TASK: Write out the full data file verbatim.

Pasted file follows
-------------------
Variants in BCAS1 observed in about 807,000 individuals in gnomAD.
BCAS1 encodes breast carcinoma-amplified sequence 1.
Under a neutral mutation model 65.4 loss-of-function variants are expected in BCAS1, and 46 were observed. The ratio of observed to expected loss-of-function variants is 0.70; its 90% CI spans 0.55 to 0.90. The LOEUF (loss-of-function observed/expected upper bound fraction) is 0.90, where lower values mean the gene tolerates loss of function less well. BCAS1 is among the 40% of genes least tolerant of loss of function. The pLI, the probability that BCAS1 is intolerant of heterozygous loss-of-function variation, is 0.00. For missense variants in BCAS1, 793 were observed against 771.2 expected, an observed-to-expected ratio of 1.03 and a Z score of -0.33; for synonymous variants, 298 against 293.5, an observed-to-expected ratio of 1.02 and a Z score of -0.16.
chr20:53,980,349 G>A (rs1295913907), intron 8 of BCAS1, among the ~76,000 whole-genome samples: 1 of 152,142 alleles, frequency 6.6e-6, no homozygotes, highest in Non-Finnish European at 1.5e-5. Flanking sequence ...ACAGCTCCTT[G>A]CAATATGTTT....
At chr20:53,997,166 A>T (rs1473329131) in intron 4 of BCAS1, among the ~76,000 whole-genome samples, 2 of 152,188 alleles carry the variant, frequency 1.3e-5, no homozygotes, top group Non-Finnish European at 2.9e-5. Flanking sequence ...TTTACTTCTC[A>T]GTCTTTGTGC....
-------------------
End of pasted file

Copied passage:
Variants in BCAS1 observed in about 807,000 individuals in gnomAD.
BCAS1 encodes breast carcinoma-amplified sequence 1.
Under a neutral mutation model 65.4 loss-of-function variants are expected in BCAS1, and 46 were observed. The ratio of observed to expected loss-of-function variants is 0.70; its 90% CI spans 0.55 to 0.90. The LOEUF (loss-of-function observed/expected upper bound fraction) is 0.90, where lower values mean the gene tolerates loss of function less well. BCAS1 is among the 40% of genes least tolerant of loss of function. The pLI, the probability that BCAS1 is intolerant of heterozygous loss-of-function variation, is 0.00. For missense variants in BCAS1, 793 were observed against 771.2 expected, an observed-to-expected ratio of 1.03 and a Z score of -0.33; for synonymous variants, 298 against 293.5, an observed-to-expected ratio of 1.02 and a Z score of -0.16.
chr20:53,980,349 G>A (rs1295913907), intron 8 of BCAS1, among the ~76,000 whole-genome samples: 1 of 152,142 alleles, frequency 6.6e-6, no homozygotes, highest in Non-Finnish European at 1.5e-5. Flanking sequence ...ACAGCTCCTT[G>A]CAATATGTTT....
At chr20:53,997,166 A>T (rs1473329131) in intron 4 of BCAS1, among the ~76,000 whole-genome samples, 2 of 152,188 alleles carry the variant, frequency 1.3e-5, no homozygotes, top group Non-Finnish European at 2.9e-5. Flanking sequence ...TTTACTTCTC[A>T]GTCTTTGTGC....